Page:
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Join Paul Petillo, Dave Kittredge and Dave Ng every week on Financial Impact Factor Radio as they to discuss everything from retirement to insurance, investing to estate planning, from getting started to preparing to stop.
books by Paul Petillo
I just published my fifth book - this time with Smashwords! ReBuilding Wealth in a Paycheck-to-Paycheck World by Paul Petillo, copyright 2011 This ebook is available across all platforms including iPad and iPhone, Amazon and Sony.
on personal finance
In the world of personal finance, asking what's the worst that could happen is not the same as asking: "will I be able to afford this?" or "have I saved enough for retirement?"
More personal finance
The Who, What, When, Where and Why of Retirement
If things are good, for some they won't be good enough. If it turns out that things are not so good, someone will ultimately benefit for this off-chance negativity.
More on retirement planning
American dream or not, the games you may have once played with financing your home are not available for the vast majority of homeowners.
More on mortgages and homes
Insurance : Life, Health, Auto, Home
Is the insurance industry the next victim of the financial crisis?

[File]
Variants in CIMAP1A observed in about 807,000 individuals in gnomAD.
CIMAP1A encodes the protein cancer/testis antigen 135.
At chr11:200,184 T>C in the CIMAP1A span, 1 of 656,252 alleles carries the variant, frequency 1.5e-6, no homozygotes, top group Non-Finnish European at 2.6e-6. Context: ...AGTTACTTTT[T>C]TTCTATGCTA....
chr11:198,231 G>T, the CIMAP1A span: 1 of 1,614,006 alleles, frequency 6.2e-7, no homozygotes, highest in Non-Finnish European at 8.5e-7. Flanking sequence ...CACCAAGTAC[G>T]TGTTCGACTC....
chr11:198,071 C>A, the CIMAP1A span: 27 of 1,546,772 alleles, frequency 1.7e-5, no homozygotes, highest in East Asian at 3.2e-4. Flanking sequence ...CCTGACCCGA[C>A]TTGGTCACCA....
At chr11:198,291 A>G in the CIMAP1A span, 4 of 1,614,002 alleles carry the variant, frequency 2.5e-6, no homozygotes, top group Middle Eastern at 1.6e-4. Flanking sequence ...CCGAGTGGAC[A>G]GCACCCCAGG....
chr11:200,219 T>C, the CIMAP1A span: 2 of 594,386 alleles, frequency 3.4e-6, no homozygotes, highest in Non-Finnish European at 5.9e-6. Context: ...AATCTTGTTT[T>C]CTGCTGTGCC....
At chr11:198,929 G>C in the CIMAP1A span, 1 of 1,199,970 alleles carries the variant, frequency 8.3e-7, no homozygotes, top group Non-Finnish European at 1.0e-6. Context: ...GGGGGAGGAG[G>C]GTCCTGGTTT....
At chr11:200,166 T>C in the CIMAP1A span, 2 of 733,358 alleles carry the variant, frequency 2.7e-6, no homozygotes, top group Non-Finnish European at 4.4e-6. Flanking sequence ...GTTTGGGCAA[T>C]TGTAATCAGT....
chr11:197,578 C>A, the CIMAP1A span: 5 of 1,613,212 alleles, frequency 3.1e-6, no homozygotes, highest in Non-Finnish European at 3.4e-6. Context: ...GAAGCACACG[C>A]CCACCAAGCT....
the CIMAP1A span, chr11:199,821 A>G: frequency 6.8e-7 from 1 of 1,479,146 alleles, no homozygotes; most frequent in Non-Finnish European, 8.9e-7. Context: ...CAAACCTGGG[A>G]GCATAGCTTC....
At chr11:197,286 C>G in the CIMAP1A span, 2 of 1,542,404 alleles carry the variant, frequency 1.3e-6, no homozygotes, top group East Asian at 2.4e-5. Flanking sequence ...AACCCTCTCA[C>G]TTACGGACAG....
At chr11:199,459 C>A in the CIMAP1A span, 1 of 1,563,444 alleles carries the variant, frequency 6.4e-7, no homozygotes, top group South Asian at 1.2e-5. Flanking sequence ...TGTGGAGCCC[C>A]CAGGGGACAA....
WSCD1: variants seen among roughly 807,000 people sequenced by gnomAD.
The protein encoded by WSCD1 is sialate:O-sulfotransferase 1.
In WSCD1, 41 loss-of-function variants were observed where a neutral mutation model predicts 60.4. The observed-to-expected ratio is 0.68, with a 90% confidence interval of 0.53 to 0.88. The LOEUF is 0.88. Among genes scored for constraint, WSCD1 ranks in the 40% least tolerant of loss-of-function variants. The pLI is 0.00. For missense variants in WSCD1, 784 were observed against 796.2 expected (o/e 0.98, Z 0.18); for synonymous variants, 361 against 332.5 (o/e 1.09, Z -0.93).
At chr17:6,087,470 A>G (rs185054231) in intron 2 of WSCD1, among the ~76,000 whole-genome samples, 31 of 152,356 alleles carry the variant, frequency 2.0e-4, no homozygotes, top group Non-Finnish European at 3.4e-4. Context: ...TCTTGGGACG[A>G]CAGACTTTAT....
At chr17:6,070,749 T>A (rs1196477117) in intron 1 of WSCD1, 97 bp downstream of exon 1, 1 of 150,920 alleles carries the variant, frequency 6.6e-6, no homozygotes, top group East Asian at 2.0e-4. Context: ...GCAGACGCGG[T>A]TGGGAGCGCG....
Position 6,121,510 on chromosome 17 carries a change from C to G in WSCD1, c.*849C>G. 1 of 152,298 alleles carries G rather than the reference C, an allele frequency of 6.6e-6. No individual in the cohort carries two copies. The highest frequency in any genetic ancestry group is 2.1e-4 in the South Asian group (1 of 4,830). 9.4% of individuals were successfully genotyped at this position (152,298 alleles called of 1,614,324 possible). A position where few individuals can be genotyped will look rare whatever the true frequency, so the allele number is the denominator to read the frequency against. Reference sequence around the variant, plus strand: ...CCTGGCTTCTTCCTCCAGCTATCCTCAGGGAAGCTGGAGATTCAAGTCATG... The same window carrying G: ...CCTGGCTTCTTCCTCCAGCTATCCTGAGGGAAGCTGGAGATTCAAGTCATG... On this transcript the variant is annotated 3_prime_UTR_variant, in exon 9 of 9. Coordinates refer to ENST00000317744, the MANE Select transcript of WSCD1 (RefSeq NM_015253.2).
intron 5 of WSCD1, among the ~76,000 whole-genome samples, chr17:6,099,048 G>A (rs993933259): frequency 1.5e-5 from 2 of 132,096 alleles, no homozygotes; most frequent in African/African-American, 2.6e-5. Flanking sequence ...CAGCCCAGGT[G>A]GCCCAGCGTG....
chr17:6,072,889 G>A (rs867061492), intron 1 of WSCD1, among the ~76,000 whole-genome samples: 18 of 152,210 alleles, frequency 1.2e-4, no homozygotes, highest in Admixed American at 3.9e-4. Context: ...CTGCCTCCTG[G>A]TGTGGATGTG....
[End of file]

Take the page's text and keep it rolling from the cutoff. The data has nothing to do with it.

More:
The mutual fund investor has a great many more options available to them in the post-Great Recession marketplace. The question is: are they right for you as you make a retirement plan using 401(k)s or IRAs?
More on investing
on twitter @PaulPetillo
Zack's Investment Tools: Stock Screener or Mutual Fund Screener
Our recent financial discussions
on life insurance
Insurance for Life Events
Insurance can be the one of most important decision you will have to make. So many things that happen to us throughout the course of a lifetime that can be protected with the use of insurance. The industry likes to call this protection insurance for a life event.
A life event involves money. Insurance protects your financial stake in your future and that of your dependents covering their expenses, replacing your income and insuring that the loss will not drastically change the life style of the ones you leave behind.
What is a life event?
A marriage is a life event. It changes everything for the two people who enter into the bond from the point of "I do". This combining of assets creates new dependencies on each other financially.
Let's take look at life insurance first. It is always placed high on the list of importance when doing the financial planning for a young family supplying the necessary protection against future events. Life insurance is an important tool that protects this new union. But the protection you need becomes doubly important when you turn your union of two people into a family.